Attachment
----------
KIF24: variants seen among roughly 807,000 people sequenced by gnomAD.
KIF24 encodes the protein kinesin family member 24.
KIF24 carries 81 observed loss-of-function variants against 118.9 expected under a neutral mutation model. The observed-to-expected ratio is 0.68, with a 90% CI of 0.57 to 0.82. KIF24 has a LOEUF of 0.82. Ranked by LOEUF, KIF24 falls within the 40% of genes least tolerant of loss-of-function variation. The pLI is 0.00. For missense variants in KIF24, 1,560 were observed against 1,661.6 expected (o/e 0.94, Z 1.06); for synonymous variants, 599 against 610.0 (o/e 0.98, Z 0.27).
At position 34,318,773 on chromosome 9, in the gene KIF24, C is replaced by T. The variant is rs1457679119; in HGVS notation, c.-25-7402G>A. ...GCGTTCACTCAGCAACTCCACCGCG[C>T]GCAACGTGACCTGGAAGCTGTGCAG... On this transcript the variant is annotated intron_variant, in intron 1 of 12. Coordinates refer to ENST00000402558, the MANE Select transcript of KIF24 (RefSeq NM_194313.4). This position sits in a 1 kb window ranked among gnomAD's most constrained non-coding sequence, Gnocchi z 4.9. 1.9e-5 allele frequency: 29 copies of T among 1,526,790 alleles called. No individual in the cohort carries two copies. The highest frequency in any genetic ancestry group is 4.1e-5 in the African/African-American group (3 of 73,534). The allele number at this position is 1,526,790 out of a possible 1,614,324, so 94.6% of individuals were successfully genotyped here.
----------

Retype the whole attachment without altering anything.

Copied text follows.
KIF24: variants seen among roughly 807,000 people sequenced by gnomAD.
KIF24 encodes the protein kinesin family member 24.
KIF24 carries 81 observed loss-of-function variants against 118.9 expected under a neutral mutation model. The observed-to-expected ratio is 0.68, with a 90% CI of 0.57 to 0.82. KIF24 has a LOEUF of 0.82. Ranked by LOEUF, KIF24 falls within the 40% of genes least tolerant of loss-of-function variation. The pLI is 0.00. For missense variants in KIF24, 1,560 were observed against 1,661.6 expected (o/e 0.94, Z 1.06); for synonymous variants, 599 against 610.0 (o/e 0.98, Z 0.27).
At position 34,318,773 on chromosome 9, in the gene KIF24, C is replaced by T. The variant is rs1457679119; in HGVS notation, c.-25-7402G>A. ...GCGTTCACTCAGCAACTCCACCGCG[C>T]GCAACGTGACCTGGAAGCTGTGCAG... On this transcript the variant is annotated intron_variant, in intron 1 of 12. Coordinates refer to ENST00000402558, the MANE Select transcript of KIF24 (RefSeq NM_194313.4). This position sits in a 1 kb window ranked among gnomAD's most constrained non-coding sequence, Gnocchi z 4.9. 1.9e-5 allele frequency: 29 copies of T among 1,526,790 alleles called. No individual in the cohort carries two copies. The highest frequency in any genetic ancestry group is 4.1e-5 in the African/African-American group (3 of 73,534). The allele number at this position is 1,526,790 out of a possible 1,614,324, so 94.6% of individuals were successfully genotyped here.